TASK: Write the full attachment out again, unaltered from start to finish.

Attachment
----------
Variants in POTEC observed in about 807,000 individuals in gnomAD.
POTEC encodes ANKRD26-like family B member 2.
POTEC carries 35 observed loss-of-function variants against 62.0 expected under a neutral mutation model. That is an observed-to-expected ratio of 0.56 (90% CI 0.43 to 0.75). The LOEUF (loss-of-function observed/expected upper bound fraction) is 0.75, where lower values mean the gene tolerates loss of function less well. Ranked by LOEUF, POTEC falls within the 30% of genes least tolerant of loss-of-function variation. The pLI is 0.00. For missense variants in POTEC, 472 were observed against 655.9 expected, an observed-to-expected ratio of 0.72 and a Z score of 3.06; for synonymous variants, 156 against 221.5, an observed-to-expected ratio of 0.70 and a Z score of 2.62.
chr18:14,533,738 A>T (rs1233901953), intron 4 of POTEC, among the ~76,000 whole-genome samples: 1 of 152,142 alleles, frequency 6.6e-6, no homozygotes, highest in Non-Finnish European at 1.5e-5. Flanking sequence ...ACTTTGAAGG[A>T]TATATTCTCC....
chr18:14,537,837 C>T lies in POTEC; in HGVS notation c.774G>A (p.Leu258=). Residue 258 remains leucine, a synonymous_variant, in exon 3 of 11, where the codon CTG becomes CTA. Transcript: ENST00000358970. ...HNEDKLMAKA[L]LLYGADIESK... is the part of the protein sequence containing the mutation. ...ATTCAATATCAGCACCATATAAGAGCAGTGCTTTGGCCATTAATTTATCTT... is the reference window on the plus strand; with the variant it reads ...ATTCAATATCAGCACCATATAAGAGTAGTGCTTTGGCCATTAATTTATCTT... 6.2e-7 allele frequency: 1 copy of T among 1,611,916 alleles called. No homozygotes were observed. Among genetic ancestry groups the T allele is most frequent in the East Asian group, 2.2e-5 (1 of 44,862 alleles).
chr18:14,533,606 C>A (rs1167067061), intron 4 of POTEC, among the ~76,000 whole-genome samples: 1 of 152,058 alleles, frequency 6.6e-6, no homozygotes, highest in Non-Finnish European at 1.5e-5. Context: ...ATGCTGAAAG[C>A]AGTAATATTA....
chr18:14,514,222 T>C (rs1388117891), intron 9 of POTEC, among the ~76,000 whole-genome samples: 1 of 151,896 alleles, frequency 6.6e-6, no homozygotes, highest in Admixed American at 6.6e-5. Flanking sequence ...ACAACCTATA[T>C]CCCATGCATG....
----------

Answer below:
Variants in POTEC observed in about 807,000 individuals in gnomAD.
POTEC encodes ANKRD26-like family B member 2.
POTEC carries 35 observed loss-of-function variants against 62.0 expected under a neutral mutation model. That is an observed-to-expected ratio of 0.56 (90% CI 0.43 to 0.75). The LOEUF (loss-of-function observed/expected upper bound fraction) is 0.75, where lower values mean the gene tolerates loss of function less well. Ranked by LOEUF, POTEC falls within the 30% of genes least tolerant of loss-of-function variation. The pLI is 0.00. For missense variants in POTEC, 472 were observed against 655.9 expected, an observed-to-expected ratio of 0.72 and a Z score of 3.06; for synonymous variants, 156 against 221.5, an observed-to-expected ratio of 0.70 and a Z score of 2.62.
chr18:14,533,738 A>T (rs1233901953), intron 4 of POTEC, among the ~76,000 whole-genome samples: 1 of 152,142 alleles, frequency 6.6e-6, no homozygotes, highest in Non-Finnish European at 1.5e-5. Flanking sequence ...ACTTTGAAGG[A>T]TATATTCTCC....
chr18:14,537,837 C>T lies in POTEC; in HGVS notation c.774G>A (p.Leu258=). Residue 258 remains leucine, a synonymous_variant, in exon 3 of 11, where the codon CTG becomes CTA. Transcript: ENST00000358970. ...HNEDKLMAKA[L]LLYGADIESK... is the part of the protein sequence containing the mutation. ...ATTCAATATCAGCACCATATAAGAGCAGTGCTTTGGCCATTAATTTATCTT... is the reference window on the plus strand; with the variant it reads ...ATTCAATATCAGCACCATATAAGAGTAGTGCTTTGGCCATTAATTTATCTT... 6.2e-7 allele frequency: 1 copy of T among 1,611,916 alleles called. No homozygotes were observed. Among genetic ancestry groups the T allele is most frequent in the East Asian group, 2.2e-5 (1 of 44,862 alleles).
chr18:14,533,606 C>A (rs1167067061), intron 4 of POTEC, among the ~76,000 whole-genome samples: 1 of 152,058 alleles, frequency 6.6e-6, no homozygotes, highest in Non-Finnish European at 1.5e-5. Context: ...ATGCTGAAAG[C>A]AGTAATATTA....
chr18:14,514,222 T>C (rs1388117891), intron 9 of POTEC, among the ~76,000 whole-genome samples: 1 of 151,896 alleles, frequency 6.6e-6, no homozygotes, highest in Admixed American at 6.6e-5. Flanking sequence ...ACAACCTATA[T>C]CCCATGCATG....